Paranasal Sinus and Nasal Cavity (Sinonasal) Tumors

Sinus cancers, nasal cancers and skull base cancers usually originate in the maxillary sinus, the nasal cavity, and the ethmoid sinus, in that order. Cancers that originate at the top of your maxillary sinus, located between the eyes and the upper jaw, can invade your eyes and affect your vision. Those that invade through the back wall can access the nerves and vessels at the base of your skull and move directly into your brain. Those tumors represent extremely advanced disease.

Tumors arising in the ethmoid sinus, between the eye sockets and the nose, and the nasal cavity can also spread to an eye or the optic nerve. They can also invade the thin bone at the base of your skull and spread within your brain.

Paranasal sinus tumors refer to either malignant (cancerous) or benign (non-cancerous) tumors that are found in this area. These tumors can be further classified into their exact location and the type of cell that comprises this tumor. Both location and cell type can influence the prognosis and type of treatment for the tumor.

Many different types of cancers can be found within the sinus cavities, nasal passageway and skull base. These cancers include:

  • Squamous carcinoma, which is the most common type of malignant tumor in the paranasal sinuses.
  • Salivary gland cancers, occurring in the sinonasal cavity. These cancers include adenocarcinoma, mucoepidermoid carcinoma and adenoid cystic carcinoma.
  • Ethesioneuroblastoma, a common cancer of the nasal cavity. This cancer arises from the olfactory nerves in the roof of the ethmoid sinuses and has an extremely good prognosis.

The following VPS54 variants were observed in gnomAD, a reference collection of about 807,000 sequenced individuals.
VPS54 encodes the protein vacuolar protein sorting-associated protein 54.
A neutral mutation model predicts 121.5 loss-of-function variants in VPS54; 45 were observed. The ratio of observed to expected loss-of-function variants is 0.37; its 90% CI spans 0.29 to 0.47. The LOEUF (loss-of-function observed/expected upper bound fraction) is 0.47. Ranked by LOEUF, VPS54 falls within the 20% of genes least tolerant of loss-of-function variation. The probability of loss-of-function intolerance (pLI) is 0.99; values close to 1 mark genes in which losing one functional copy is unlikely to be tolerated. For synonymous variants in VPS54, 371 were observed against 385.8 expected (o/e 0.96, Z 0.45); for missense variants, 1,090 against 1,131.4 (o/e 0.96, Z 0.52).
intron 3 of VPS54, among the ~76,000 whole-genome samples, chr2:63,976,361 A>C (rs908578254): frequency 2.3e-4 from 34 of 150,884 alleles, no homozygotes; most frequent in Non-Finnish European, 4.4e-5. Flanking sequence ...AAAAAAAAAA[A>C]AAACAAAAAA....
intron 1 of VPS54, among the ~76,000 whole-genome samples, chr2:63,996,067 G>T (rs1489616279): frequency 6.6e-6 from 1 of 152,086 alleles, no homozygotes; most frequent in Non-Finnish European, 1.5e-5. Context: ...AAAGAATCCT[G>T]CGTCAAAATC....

• Sarcomas, tumors arising from soft tissue, cartilage, and bone, which may occur in the nasal cavity and skull base. Their prognoses vary considerably. Low-grade tumors have an excellent prognosis while the outcome for high grade lesions is not as good.
  • Melanoma, occurring in the nasal cavity mucosa, similar to the melanomas that occur on the skin. This is an aggressive tumor even in the face of treatment. Skin cancers, such as basal cell carcinoma, squamous cell carcinoma, and cutaneous melanoma, whether locally aggressive or recurrent, can invade the skull base.
  • Lymphomas, which occur in the sinonasal cavity.

Diagnosis of Paranasal Sinus and Sinonasal Malignancy

Early diagnosis and multimodality therapy is the key to successful treatment of these tumors. However, because of the location of the tumor, they tend to present as symptoms that are shared with the common cold and other ENT complaints. These include nasal obstruction, ear fullness, nose bleeding, visual changes, headache or facial pain. The vast majority of patients with these symptoms have benign, easily treatable conditions such as chronic sinusitis; however, symptoms that persist need to be evaluated to rule out a more ominous cause such as a tumor.

The diagnosis requires a referral to an otolaryngologist (ENT) with the ability to visualize the tumor with special telescopes, which allow clinicians to see into the nose with high-definition cameras. Even with the use of these specialized telescopes, many of these tumors cannot be seen. Further investigation using high-resolution computed tomography (CT) or magnetic resonance imaging (MRI) can detect these tumors with a high degree of accuracy. Depending on the location of the tumor they may be biopsied during an in-office procedure under local anesthesia or in the operating room under general anesthesia.

Treatment of Paranasal Sinus and Sinonasal Malignancy

After proper diagnosis, each patient’s case is discussed during a multidisciplinary tumor board, composed of surgical oncologists, medical oncologists, radiation oncologists, radiologists and pathologists. Surgical treatment includes both open (external-skin incisions) and minimally invasive (without incisions) techniques, depending on the type and location of the tumor. At our Skull Base Surgery Center our surgeons are fellowship-trained in both open and endoscopic skull base surgery. Our recommended treatment is the approach that can provide patients both the highest chance for cure and their best quality of life.